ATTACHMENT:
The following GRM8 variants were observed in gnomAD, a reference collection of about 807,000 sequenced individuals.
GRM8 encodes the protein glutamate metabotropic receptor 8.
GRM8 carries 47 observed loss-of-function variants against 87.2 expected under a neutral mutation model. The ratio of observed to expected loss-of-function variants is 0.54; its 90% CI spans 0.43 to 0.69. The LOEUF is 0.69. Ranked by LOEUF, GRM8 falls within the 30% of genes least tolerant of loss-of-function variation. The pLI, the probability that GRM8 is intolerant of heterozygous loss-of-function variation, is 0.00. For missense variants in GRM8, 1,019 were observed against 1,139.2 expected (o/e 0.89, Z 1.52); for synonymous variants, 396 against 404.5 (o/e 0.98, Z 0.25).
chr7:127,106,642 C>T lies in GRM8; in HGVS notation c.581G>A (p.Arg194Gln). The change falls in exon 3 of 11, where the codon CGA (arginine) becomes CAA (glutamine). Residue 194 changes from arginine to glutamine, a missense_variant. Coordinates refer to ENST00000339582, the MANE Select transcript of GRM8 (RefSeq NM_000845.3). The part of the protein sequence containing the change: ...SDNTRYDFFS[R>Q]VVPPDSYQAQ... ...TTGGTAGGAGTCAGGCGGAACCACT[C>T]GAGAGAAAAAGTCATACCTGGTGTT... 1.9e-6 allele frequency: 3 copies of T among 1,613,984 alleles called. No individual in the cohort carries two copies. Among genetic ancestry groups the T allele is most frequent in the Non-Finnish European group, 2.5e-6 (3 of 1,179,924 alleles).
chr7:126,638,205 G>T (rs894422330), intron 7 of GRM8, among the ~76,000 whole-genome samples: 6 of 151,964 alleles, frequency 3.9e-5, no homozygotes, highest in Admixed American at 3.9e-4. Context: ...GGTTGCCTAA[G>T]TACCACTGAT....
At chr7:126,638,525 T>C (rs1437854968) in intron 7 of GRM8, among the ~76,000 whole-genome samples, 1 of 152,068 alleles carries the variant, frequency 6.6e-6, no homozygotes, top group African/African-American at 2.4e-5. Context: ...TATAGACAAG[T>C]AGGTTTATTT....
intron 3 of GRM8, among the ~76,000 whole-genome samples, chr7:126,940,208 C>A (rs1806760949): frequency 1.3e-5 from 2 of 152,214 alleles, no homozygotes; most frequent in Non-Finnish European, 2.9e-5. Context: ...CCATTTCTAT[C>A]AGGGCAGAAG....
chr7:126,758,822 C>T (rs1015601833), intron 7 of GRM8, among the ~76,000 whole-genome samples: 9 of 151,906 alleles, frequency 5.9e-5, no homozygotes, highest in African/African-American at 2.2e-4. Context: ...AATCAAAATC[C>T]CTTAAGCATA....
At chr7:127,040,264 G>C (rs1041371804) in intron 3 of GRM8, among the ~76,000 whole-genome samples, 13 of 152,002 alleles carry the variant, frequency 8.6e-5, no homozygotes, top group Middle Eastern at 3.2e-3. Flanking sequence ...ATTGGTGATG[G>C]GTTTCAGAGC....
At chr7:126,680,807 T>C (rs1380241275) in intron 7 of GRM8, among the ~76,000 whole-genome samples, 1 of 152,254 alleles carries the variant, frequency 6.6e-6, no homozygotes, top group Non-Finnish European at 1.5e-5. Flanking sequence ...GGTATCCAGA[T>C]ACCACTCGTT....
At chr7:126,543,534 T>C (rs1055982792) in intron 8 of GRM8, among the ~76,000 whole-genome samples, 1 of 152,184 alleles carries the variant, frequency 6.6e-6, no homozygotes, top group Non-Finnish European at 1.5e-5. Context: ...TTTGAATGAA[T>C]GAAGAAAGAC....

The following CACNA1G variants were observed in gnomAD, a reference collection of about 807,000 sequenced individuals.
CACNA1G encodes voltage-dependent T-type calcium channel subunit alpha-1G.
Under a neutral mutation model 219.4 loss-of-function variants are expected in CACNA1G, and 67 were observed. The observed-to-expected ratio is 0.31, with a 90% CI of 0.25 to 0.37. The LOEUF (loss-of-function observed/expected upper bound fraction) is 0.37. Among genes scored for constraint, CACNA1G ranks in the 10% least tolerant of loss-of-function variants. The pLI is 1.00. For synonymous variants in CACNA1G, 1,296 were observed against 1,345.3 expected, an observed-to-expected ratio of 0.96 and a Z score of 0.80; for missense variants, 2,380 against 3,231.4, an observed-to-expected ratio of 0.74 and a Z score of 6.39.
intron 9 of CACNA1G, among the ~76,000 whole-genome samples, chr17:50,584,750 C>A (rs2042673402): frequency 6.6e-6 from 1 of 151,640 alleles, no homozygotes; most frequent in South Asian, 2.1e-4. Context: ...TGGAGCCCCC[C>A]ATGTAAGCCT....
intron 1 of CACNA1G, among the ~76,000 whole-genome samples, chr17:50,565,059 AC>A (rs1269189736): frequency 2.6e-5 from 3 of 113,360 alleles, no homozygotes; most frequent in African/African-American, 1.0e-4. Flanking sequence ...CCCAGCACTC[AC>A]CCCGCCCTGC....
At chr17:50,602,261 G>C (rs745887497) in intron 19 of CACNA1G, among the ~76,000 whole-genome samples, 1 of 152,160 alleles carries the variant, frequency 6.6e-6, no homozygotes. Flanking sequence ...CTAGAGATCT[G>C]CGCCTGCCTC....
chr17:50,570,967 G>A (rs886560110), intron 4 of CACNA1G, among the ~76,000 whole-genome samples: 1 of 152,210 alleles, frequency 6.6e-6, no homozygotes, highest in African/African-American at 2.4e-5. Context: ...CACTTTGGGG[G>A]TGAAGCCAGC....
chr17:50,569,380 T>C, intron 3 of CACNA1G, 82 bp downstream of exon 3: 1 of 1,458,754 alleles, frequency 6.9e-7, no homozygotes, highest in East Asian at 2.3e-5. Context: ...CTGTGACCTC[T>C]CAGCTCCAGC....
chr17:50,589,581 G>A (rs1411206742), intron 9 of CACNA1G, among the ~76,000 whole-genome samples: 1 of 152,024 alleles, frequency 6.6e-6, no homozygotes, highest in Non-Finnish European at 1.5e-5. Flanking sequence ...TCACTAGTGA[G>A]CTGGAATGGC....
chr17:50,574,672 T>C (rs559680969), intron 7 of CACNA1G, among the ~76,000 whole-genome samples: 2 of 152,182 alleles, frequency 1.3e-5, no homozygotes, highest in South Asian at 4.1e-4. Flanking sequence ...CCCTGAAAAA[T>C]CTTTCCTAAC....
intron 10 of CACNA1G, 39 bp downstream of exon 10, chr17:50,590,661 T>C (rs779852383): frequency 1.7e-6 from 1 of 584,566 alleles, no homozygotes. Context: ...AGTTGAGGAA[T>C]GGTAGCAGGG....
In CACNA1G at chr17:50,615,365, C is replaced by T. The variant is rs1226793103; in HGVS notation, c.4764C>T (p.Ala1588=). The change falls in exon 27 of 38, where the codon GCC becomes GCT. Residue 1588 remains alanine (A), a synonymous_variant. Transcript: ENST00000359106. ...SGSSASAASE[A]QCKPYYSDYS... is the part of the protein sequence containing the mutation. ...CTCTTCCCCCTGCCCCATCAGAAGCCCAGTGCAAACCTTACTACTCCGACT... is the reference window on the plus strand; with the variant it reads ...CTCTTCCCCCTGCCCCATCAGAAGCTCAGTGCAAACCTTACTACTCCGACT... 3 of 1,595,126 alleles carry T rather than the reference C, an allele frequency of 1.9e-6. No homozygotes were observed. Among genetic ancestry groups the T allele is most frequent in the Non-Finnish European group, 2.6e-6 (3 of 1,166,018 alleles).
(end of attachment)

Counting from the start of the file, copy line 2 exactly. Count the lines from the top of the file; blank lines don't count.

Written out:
GRM8 encodes the protein glutamate metabotropic receptor 8.